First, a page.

This Article develops ideas and arguments relative to judicial funding initially advanced by this Author in two op-ed pieces previously published in the Maine Lawyers Review. Beyond elaborating and more carefully documenting (with footnote references) points previously made, this Article undertakes to lay out the judicial department’s unique status as one of three co-equal and coordinate branches of Maine’s governmental structure. It is this status that separates the judicial department from all of the other agencies of state government. The Article further argues that this status gives rise to a duty on the part of the legislative and ...


Introduction: Accessing Justice-Its Past, Present, And Future, Frank M. Coffin 2017 University of Maine School of Law

Introduction: Accessing Justice-Its Past, Present, And Future, Frank M. Coffin

Maine Law Review

No abstract provided.


The Judge And His Clerks, Barbara F. Riegelhaupt, Kaighn Smith Jr., J. Peter Byrne 2017 University of Maine School of Law

The Judge And His Clerks, Barbara F. Riegelhaupt, Kaighn Smith Jr., J. Peter Byrne

Maine Law Review

In his memoir, Life and Times in the Three Branches, Judge Coffin recounts the history of the institution of the law clerk and observes, “I was the first such creature Maine had seen.” He served as a clerk from April 1947 to June 1949 for United States District Court Judge John D. Clifford, working in the same chambers that he would later inhabit as a judge. Over the course of his more than four decades on the Court of Appeals, Judge Coffin would have sixty-eight clerks of his own. Those of us lucky enough to be in that family of ...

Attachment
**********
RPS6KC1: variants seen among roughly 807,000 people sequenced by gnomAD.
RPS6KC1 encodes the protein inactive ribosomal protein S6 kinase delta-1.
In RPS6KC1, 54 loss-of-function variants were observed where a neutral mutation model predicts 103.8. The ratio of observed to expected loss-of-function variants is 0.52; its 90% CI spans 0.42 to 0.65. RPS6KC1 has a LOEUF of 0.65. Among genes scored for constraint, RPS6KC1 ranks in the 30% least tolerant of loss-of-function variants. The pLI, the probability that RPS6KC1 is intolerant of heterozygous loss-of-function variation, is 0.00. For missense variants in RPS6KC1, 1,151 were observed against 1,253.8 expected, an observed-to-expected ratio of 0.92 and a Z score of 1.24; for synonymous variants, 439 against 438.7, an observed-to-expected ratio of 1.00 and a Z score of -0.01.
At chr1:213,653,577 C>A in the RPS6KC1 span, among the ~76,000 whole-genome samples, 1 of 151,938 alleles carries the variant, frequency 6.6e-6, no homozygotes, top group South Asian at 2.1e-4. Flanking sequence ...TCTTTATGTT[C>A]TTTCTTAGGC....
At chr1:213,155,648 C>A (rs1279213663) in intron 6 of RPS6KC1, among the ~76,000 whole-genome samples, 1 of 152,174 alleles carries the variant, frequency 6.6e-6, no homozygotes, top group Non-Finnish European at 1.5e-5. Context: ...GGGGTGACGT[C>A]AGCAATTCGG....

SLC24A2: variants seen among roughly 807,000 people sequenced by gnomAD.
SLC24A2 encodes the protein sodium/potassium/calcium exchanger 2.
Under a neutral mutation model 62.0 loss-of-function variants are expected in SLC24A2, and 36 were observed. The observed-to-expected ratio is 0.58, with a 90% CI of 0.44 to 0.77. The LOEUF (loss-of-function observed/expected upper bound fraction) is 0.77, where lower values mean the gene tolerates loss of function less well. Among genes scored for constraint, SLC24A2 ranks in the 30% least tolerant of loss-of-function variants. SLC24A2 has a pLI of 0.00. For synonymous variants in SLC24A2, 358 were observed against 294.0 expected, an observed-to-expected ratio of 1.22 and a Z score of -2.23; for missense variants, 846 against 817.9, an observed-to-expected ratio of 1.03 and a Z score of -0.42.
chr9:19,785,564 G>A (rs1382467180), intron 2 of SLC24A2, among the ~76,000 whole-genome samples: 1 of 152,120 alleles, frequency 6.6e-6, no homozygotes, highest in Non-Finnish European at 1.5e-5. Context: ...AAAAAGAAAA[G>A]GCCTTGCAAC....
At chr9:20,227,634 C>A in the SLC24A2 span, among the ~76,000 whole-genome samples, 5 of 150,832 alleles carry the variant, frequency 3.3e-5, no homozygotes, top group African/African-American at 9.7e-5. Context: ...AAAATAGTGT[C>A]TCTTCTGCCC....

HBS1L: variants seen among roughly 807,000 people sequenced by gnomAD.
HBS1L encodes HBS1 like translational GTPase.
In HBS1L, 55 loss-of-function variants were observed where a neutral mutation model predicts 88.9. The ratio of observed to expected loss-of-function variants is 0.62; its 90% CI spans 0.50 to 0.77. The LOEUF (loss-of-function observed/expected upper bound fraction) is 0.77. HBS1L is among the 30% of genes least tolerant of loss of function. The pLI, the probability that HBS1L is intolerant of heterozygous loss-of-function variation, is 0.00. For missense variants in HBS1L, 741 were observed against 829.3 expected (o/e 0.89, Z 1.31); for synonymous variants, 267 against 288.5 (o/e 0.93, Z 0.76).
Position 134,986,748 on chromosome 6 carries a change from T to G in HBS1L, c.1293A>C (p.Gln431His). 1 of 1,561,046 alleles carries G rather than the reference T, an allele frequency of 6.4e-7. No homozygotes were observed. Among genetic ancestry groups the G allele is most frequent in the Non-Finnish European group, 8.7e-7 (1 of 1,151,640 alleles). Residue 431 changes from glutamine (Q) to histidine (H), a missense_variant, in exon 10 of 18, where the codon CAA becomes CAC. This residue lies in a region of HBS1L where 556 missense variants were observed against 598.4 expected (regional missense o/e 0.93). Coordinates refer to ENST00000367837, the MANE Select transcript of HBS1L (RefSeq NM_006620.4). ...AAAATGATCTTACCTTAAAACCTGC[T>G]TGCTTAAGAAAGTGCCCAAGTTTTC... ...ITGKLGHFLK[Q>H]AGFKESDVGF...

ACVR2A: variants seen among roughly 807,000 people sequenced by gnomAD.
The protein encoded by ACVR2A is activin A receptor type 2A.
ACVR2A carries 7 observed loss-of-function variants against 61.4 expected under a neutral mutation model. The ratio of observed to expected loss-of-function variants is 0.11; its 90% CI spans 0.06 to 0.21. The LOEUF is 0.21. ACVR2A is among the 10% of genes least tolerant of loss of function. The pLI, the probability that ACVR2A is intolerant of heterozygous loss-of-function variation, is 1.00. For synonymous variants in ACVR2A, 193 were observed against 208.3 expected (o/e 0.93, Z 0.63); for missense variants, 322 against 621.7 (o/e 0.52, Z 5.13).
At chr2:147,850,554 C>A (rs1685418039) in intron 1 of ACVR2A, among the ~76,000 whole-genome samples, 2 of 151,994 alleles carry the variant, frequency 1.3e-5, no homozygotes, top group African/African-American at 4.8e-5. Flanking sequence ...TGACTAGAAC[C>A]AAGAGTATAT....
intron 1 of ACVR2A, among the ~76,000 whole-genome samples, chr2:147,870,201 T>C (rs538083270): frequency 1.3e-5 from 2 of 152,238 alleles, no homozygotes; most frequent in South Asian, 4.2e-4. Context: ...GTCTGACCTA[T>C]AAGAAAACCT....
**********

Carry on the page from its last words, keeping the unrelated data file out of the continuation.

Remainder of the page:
The Speeches Of Frank M. Coffin: A Sideline To Judging, Daniel E. Wathen, Barbara Riegelhaupt 2017 University of Maine School of Law

The Speeches Of Frank M. Coffin: A Sideline To Judging, Daniel E. Wathen, Barbara Riegelhaupt

Maine Law Review

The Authors of this Article are engaged in a separate project to publish the full collection of law-related speeches delivered by Judge Coffin during his tenure on the bench. That collection in its entirety consists of more than 125 speeches, and it is a treasure trove of thoughts on the judiciary as an institution, the law, judging, the legal profession, legal education, and legal luminaries past and present. The speeches are also worthy of study purely as examples of communication, advocacy, speechcraft, composition, humor, and whimsy. Within the confines of this Article, the modest goal is to provide samples of ...


In His Own Words: Judge Coffin And Workability, William C. Kelly Jr. 2017 University of Maine School of Law

In His Own Words: Judge Coffin And Workability, William C. Kelly Jr.

Maine Law Review

Early in his judicial career, Judge Coffin proffered the concept of “workability” as one of the core factors in judging. Justice and Workability: Un Essai, his first published reflection on this idea, appeared in the Suffolk University Law Review in 1971. To frame the discussion, he started with a formal definition: “[T]he extent to which a rule protecting a right, enforcing a duty, or setting a standard of conduct—which is consistent with and in the interests of social justice—can be pronounced with reasonable expectation of effective observance without impairing the essential functioning of those to whom the ...